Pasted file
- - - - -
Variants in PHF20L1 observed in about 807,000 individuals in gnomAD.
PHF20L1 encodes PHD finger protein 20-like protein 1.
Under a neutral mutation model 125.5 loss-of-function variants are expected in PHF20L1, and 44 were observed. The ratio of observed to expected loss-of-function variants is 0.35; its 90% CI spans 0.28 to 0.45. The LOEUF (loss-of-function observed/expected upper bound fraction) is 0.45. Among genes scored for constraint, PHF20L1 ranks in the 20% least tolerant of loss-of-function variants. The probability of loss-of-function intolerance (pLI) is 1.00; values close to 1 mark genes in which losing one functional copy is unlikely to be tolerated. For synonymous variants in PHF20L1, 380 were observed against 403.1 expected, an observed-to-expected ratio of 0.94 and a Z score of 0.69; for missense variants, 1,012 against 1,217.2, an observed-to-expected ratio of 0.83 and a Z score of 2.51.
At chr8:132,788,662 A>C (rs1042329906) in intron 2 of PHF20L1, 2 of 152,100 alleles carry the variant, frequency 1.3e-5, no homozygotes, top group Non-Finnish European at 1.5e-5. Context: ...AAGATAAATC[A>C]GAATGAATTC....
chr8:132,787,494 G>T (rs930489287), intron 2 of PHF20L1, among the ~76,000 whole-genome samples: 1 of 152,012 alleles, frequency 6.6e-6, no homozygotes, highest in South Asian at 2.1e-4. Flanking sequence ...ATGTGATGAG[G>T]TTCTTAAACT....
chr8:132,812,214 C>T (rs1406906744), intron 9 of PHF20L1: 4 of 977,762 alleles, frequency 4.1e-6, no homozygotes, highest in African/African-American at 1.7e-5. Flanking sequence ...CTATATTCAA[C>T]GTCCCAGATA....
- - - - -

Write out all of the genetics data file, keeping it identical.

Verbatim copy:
Variants in PHF20L1 observed in about 807,000 individuals in gnomAD.
PHF20L1 encodes PHD finger protein 20-like protein 1.
Under a neutral mutation model 125.5 loss-of-function variants are expected in PHF20L1, and 44 were observed. The ratio of observed to expected loss-of-function variants is 0.35; its 90% CI spans 0.28 to 0.45. The LOEUF (loss-of-function observed/expected upper bound fraction) is 0.45. Among genes scored for constraint, PHF20L1 ranks in the 20% least tolerant of loss-of-function variants. The probability of loss-of-function intolerance (pLI) is 1.00; values close to 1 mark genes in which losing one functional copy is unlikely to be tolerated. For synonymous variants in PHF20L1, 380 were observed against 403.1 expected, an observed-to-expected ratio of 0.94 and a Z score of 0.69; for missense variants, 1,012 against 1,217.2, an observed-to-expected ratio of 0.83 and a Z score of 2.51.
At chr8:132,788,662 A>C (rs1042329906) in intron 2 of PHF20L1, 2 of 152,100 alleles carry the variant, frequency 1.3e-5, no homozygotes, top group Non-Finnish European at 1.5e-5. Context: ...AAGATAAATC[A>C]GAATGAATTC....
chr8:132,787,494 G>T (rs930489287), intron 2 of PHF20L1, among the ~76,000 whole-genome samples: 1 of 152,012 alleles, frequency 6.6e-6, no homozygotes, highest in South Asian at 2.1e-4. Flanking sequence ...ATGTGATGAG[G>T]TTCTTAAACT....
chr8:132,812,214 C>T (rs1406906744), intron 9 of PHF20L1: 4 of 977,762 alleles, frequency 4.1e-6, no homozygotes, highest in African/African-American at 1.7e-5. Flanking sequence ...CTATATTCAA[C>T]GTCCCAGATA....